This discussion contains mild spoilers for Ahsoka, Star Wars: The Rise of Skywalker and Indiana Jones and the Dial of Destiny.
Ahsoka is ostensibly a race against time as two competing factions fight to reunite with old allies. Ahsoka Tano (Rosario Dawson) and Sabine Wren (Natasha Liu Bordizzo) hope to reunite with their old friend Ezra Bridger (Eman Esfandi). On the other hand, Morgan Elsbeth (Diana Lee Inosanto) hopes to locate Grand Admiral Thrawn (Lars Mikkelsen) in order to create a gathering point for the remnants of the First Galactic Empire. That’s what the show is theoretically about. In practice it’s about cards.
Ahsoka Is halfway through the first season. These first four episodes were obsessed with stellar cartography. Ahsoka herself is introduced finding an orb with a map that could lead to Ezra. This map is stolen by Shin Hati (Ivanna Sakhno), who brings it to Morgan on the planet Seatos. Morgan places the ball into an ancient stone monument and projects ancient star maps. Within these holographic projections, extended sequences take place in the first four episodes.
Apparently, war of stars is pulp literature. These types of stories are usually based on plot elements, on objects that the characters might fight over. These elements add a sense of drama to the story. Often it doesn’t matter what the object is or why the characters want it. What is important is that the audience understands that these players are involved in a game with a definite prize. Essentially, the card gives Ahsoka and Morgan reason to argue.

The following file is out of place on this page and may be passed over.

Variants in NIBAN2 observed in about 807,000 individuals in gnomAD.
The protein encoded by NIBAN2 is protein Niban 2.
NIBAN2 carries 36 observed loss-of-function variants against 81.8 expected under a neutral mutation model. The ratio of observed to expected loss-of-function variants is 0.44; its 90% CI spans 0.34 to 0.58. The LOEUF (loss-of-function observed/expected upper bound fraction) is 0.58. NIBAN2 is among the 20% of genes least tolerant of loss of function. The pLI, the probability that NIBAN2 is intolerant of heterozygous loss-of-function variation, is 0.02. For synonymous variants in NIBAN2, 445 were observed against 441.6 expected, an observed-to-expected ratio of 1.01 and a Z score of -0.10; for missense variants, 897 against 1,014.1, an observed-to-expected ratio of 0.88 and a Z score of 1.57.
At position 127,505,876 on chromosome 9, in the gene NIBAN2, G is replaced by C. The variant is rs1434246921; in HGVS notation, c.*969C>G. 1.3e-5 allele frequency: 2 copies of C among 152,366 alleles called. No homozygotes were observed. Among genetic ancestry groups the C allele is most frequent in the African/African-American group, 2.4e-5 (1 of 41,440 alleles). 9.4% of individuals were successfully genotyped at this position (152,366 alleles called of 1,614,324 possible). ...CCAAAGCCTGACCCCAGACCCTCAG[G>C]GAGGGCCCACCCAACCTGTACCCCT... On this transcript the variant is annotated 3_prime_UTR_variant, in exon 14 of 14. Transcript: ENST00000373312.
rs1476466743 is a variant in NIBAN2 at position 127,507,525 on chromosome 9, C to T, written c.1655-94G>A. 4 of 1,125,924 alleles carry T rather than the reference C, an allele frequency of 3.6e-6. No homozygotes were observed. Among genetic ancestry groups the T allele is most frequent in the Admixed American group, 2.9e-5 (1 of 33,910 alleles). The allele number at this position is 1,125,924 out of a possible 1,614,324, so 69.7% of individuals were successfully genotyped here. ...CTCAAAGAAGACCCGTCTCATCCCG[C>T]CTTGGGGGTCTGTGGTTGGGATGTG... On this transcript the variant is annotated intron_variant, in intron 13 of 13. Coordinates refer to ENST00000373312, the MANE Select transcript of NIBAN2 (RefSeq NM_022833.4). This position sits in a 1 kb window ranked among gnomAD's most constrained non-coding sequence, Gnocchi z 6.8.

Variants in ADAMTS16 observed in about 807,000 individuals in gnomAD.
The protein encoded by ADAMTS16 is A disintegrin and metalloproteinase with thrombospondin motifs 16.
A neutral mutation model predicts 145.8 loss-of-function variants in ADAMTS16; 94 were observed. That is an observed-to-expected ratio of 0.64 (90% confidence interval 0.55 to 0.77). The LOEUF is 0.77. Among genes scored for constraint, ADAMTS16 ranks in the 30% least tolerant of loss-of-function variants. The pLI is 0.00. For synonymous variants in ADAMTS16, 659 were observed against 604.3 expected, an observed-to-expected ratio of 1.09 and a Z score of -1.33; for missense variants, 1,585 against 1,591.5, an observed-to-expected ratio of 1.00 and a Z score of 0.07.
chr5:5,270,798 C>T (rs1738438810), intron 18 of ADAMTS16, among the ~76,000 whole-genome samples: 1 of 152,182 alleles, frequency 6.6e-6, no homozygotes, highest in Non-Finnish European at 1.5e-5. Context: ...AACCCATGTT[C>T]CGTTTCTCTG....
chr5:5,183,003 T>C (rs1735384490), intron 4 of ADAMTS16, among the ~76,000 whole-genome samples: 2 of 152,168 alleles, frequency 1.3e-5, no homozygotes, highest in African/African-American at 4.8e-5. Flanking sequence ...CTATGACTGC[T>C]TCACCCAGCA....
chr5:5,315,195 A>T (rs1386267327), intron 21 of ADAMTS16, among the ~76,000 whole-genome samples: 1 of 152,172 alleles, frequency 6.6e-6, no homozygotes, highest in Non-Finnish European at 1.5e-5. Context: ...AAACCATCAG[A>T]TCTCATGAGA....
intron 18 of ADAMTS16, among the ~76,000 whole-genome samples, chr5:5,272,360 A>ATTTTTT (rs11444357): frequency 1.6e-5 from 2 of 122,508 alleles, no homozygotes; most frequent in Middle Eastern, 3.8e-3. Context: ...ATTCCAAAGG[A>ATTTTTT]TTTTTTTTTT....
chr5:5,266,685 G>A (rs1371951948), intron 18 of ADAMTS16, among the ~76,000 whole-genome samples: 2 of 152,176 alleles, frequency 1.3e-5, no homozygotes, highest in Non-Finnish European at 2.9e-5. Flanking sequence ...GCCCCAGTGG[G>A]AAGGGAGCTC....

However, it’s starting to feel a bit tiring. After all, the card doesn’t represent the actual stakes. Ahsoka and Morgan don’t Really They want the card, they want what’s waiting at the end of the card. So the map is really an abstraction. It’s a delaying tactic. This allows the series to extend the drama to eight episodes. It’s also completely pointless. Because no matter who gets the card, the audience understands that Ahsoka will be reunited with Ezra and Thrawn will return.
This narrative shell game where the characters are searching for something rather than something specific Directions to Something specific wouldn’t be so frustrating if it were an isolated problem. Unfortunately, Ahsoka is just the latest example of a larger trend in modern pop culture. These existing franchises are increasingly about cards. These modern takes on established properties are often about characters struggling to find their way so they can actually begin the adventure.